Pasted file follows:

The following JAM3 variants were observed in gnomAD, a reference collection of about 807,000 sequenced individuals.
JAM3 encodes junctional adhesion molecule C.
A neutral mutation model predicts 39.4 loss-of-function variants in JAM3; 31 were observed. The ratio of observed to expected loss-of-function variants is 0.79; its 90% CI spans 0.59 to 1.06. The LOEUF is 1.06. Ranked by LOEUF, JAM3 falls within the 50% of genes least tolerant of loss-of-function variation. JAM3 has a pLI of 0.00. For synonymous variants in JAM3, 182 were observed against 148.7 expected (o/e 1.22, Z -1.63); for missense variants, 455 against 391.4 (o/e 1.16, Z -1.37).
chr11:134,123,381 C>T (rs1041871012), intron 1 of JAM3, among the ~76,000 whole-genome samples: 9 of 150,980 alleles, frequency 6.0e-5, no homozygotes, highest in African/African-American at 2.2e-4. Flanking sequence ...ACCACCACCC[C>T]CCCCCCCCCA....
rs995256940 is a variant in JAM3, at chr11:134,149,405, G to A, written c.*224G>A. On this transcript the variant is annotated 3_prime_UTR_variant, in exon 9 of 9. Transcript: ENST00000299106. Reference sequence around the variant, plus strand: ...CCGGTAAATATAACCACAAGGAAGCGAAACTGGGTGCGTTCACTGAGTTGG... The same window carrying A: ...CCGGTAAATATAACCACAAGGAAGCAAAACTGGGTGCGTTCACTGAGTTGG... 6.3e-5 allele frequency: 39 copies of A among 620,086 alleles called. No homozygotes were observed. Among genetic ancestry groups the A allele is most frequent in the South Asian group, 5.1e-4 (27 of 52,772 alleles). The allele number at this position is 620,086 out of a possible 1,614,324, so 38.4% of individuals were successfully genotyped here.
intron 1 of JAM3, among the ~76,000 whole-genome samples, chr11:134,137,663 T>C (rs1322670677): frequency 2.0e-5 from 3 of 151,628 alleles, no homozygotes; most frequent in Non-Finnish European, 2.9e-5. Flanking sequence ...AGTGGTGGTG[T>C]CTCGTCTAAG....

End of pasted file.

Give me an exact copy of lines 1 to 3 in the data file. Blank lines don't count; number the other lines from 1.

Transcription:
The following JAM3 variants were observed in gnomAD, a reference collection of about 807,000 sequenced individuals.
JAM3 encodes junctional adhesion molecule C.
A neutral mutation model predicts 39.4 loss-of-function variants in JAM3; 31 were observed. The ratio of observed to expected loss-of-function variants is 0.79; its 90% CI spans 0.59 to 1.06. The LOEUF is 1.06. Ranked by LOEUF, JAM3 falls within the 50% of genes least tolerant of loss-of-function variation. JAM3 has a pLI of 0.00. For synonymous variants in JAM3, 182 were observed against 148.7 expected (o/e 1.22, Z -1.63); for missense variants, 455 against 391.4 (o/e 1.16, Z -1.37).